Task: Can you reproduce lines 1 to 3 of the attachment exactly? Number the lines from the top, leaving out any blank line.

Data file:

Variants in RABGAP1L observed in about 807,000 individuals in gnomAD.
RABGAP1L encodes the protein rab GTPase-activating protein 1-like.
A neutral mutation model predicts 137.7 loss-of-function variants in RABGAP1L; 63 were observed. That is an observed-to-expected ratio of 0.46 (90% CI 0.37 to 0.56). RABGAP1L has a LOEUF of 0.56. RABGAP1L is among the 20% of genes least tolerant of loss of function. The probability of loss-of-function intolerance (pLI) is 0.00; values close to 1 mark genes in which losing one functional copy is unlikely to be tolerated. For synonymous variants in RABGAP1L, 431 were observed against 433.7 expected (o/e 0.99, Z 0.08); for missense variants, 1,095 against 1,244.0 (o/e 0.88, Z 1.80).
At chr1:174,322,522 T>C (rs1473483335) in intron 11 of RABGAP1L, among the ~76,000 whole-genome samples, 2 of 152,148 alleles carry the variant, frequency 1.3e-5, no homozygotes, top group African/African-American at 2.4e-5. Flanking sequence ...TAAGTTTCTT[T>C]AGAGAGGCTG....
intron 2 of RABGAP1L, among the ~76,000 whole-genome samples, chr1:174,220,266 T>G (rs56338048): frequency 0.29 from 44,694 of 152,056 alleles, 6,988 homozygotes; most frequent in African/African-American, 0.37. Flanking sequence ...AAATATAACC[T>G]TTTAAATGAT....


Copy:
Variants in RABGAP1L observed in about 807,000 individuals in gnomAD.
RABGAP1L encodes the protein rab GTPase-activating protein 1-like.
A neutral mutation model predicts 137.7 loss-of-function variants in RABGAP1L; 63 were observed. That is an observed-to-expected ratio of 0.46 (90% CI 0.37 to 0.56). RABGAP1L has a LOEUF of 0.56. RABGAP1L is among the 20% of genes least tolerant of loss of function. The probability of loss-of-function intolerance (pLI) is 0.00; values close to 1 mark genes in which losing one functional copy is unlikely to be tolerated. For synonymous variants in RABGAP1L, 431 were observed against 433.7 expected (o/e 0.99, Z 0.08); for missense variants, 1,095 against 1,244.0 (o/e 0.88, Z 1.80).